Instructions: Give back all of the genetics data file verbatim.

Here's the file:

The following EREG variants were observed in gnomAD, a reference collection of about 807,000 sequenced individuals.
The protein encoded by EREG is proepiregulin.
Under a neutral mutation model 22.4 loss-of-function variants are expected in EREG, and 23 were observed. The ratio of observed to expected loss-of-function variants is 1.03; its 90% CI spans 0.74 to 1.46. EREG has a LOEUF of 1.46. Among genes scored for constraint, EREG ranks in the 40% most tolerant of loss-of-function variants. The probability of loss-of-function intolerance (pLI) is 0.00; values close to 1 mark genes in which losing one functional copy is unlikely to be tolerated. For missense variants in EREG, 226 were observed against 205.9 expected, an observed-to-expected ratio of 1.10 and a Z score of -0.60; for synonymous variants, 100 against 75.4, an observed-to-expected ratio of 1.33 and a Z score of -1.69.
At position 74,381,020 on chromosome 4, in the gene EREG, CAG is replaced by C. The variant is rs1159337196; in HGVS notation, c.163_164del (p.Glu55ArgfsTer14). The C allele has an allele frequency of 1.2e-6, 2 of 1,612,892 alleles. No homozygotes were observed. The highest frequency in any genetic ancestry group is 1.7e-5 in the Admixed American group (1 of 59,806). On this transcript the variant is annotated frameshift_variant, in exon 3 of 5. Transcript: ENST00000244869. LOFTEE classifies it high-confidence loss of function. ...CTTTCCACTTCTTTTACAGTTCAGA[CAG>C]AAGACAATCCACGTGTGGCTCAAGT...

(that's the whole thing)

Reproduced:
The following EREG variants were observed in gnomAD, a reference collection of about 807,000 sequenced individuals.
The protein encoded by EREG is proepiregulin.
Under a neutral mutation model 22.4 loss-of-function variants are expected in EREG, and 23 were observed. The ratio of observed to expected loss-of-function variants is 1.03; its 90% CI spans 0.74 to 1.46. EREG has a LOEUF of 1.46. Among genes scored for constraint, EREG ranks in the 40% most tolerant of loss-of-function variants. The probability of loss-of-function intolerance (pLI) is 0.00; values close to 1 mark genes in which losing one functional copy is unlikely to be tolerated. For missense variants in EREG, 226 were observed against 205.9 expected, an observed-to-expected ratio of 1.10 and a Z score of -0.60; for synonymous variants, 100 against 75.4, an observed-to-expected ratio of 1.33 and a Z score of -1.69.
At position 74,381,020 on chromosome 4, in the gene EREG, CAG is replaced by C. The variant is rs1159337196; in HGVS notation, c.163_164del (p.Glu55ArgfsTer14). The C allele has an allele frequency of 1.2e-6, 2 of 1,612,892 alleles. No homozygotes were observed. The highest frequency in any genetic ancestry group is 1.7e-5 in the Admixed American group (1 of 59,806). On this transcript the variant is annotated frameshift_variant, in exon 3 of 5. Transcript: ENST00000244869. LOFTEE classifies it high-confidence loss of function. ...CTTTCCACTTCTTTTACAGTTCAGA[CAG>C]AAGACAATCCACGTGTGGCTCAAGT...